When Sandy Stewart sings, she can make you laugh, make you cry and make you think. In her 10-day turn at the venerable Oak Room of the Algonquin Hotel, Stewart is joined by her son, pianist Bill Charlap, and the repertoire includes a few Broadway nuggets by Stewart’s late husband, composer Moose Charlap.
Stewart sings with warming assurance and a kind of reflective wistfulness that draws the listener ever so close to her heart. Such familiar evergreens as Cole Porter’s “Ev’rytime We Say Goodbye” and “I Concentrate on You,” along with the Gershwins’ “I’ve Got a Crush on You,” become more than standard cabaret repertoire. With the exquisite accompaniment of her son, the melodies boast an airy reverence, and the lyrics reach out with a telling, torchy truth.
The 1965 Gotham tuner “Kelly,” with music by Moose Charlap and lyrics by Eddie Lawrence, folded after a single performance at the Broadhurst Theatre. Its legacy is a score that contained the poetically reflective “I’ll Never Go There Anymore.” Stewart’s lush and reverent reading, reflects an intense and perhaps, personal involvement. She projects a total commitment to mood and melody.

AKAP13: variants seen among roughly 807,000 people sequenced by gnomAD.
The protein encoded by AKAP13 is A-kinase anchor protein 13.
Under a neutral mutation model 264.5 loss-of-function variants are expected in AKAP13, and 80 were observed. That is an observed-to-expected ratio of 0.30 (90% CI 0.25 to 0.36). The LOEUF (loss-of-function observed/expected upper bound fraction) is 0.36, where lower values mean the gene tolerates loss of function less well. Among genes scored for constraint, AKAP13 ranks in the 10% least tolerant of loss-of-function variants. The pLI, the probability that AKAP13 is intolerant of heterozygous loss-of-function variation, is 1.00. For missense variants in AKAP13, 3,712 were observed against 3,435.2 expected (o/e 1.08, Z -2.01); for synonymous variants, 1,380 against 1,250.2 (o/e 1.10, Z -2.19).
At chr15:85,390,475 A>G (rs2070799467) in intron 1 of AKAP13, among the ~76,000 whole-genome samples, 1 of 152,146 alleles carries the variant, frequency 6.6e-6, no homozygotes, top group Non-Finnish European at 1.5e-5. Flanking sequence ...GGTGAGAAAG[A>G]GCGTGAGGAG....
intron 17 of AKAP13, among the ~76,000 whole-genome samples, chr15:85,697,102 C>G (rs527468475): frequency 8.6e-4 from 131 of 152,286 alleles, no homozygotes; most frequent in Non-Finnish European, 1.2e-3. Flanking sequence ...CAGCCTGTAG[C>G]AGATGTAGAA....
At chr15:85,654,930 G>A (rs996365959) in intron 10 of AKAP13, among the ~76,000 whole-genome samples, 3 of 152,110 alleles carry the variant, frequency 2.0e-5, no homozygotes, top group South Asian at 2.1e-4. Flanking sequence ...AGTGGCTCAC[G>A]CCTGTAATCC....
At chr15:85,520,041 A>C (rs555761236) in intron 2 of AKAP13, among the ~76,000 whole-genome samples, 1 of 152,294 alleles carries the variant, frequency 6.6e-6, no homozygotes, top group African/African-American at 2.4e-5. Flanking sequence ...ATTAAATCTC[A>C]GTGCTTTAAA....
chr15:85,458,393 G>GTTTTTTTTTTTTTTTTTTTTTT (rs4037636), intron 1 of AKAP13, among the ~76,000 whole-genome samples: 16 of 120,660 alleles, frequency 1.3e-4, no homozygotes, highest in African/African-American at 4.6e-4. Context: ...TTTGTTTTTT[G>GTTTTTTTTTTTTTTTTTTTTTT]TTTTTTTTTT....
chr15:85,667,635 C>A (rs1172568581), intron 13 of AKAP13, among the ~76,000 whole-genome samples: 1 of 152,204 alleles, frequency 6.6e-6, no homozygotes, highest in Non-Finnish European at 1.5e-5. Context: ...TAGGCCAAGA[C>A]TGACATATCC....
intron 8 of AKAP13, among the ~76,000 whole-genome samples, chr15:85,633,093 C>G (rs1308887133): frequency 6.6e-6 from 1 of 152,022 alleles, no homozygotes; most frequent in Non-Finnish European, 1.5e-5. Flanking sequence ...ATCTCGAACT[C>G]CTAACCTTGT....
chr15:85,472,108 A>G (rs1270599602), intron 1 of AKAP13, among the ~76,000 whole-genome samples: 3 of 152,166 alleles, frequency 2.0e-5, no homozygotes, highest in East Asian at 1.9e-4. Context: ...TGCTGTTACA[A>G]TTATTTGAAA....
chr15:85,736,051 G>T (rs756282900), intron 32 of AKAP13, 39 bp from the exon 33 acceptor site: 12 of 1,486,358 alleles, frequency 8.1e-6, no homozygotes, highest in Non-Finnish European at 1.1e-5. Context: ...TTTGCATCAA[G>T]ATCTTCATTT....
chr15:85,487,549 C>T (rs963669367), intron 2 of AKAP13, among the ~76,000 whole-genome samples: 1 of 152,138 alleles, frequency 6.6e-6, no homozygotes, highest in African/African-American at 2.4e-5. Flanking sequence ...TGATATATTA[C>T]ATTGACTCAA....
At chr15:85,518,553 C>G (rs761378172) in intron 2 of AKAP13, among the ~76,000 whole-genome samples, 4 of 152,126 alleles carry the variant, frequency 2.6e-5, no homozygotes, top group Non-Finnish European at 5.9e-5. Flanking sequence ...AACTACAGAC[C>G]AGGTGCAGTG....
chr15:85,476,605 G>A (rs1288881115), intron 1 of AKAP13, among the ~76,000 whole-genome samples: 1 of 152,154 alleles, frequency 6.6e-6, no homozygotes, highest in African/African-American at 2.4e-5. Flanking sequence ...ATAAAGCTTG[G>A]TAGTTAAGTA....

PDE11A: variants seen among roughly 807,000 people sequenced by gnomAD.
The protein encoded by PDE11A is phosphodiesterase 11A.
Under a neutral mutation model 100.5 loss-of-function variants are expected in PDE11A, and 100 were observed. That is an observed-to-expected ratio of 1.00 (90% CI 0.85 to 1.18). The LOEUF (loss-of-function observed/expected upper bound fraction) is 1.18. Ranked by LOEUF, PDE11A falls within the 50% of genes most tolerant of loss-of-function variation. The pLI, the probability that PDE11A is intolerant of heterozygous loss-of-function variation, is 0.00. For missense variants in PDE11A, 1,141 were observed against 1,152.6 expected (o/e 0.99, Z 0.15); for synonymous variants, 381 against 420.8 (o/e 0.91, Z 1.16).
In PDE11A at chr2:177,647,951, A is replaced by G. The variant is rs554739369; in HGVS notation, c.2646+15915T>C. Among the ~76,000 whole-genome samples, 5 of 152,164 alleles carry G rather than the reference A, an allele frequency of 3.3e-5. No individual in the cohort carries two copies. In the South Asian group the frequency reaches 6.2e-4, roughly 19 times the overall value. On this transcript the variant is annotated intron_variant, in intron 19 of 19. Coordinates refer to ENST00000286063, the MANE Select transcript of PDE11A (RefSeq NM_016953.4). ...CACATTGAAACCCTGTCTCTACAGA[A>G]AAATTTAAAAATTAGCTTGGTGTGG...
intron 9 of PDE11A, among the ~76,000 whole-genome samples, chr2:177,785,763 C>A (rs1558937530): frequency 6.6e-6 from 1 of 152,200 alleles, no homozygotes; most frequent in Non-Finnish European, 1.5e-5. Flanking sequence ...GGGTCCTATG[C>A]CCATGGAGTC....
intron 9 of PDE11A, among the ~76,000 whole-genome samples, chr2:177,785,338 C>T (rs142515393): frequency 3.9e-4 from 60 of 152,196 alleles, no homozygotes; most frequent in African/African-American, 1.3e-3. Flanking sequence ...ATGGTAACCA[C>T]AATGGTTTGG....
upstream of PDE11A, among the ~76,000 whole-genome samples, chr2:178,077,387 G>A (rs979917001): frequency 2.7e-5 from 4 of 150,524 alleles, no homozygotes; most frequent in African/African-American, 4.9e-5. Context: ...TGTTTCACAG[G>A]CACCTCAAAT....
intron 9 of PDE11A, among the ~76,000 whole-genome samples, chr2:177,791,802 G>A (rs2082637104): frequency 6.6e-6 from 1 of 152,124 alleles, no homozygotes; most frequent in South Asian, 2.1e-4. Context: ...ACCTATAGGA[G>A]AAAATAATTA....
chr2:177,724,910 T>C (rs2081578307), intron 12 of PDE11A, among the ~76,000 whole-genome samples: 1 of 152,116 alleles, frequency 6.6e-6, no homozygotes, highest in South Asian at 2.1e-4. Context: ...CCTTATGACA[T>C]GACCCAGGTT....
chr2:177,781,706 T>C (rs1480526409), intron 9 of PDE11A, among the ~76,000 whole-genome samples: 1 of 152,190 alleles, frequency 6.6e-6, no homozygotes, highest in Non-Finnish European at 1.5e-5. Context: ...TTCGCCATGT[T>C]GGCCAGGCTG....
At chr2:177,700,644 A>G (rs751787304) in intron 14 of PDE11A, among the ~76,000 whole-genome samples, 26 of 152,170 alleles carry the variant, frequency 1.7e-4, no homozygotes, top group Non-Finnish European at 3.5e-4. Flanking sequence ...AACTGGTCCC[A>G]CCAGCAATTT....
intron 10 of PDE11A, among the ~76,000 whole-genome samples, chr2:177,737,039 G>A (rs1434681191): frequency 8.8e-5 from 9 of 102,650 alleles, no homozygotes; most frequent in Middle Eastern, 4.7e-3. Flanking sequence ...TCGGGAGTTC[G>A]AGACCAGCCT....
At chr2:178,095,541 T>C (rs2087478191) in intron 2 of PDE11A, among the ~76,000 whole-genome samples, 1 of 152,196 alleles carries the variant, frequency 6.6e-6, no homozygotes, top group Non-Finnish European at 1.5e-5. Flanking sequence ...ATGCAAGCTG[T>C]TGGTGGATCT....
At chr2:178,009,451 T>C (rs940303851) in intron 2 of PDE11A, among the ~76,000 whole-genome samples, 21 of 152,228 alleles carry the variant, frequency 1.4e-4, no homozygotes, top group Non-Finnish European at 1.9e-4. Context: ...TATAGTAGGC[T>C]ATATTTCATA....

Gathering the varied hues of “My Coloring Book,” a 1963 chart topper by Fred Ebb and John Kander, Stewart quipped, “It was their first hit and my last!”
Charlap’s solo turn finds Alec Wilder’s “While We’re Young” layered with many lofty and lyrical ideas, followed by Jerome Kern’s “The Way You Look Tonight,” which was flooded with scampering tempo changes. On the occasion of Richard Rodgers’ 101st birthday, Charlap played a supremely poetic “Blue Room,” a lovely musical portrait of moods and emotions.
Charlap’s playing recalls the fertile imagination of Bill Evans, nicely complemented by his own inventiveness, a comforting sense of pace and a foot-tapping rhythmic suppleness.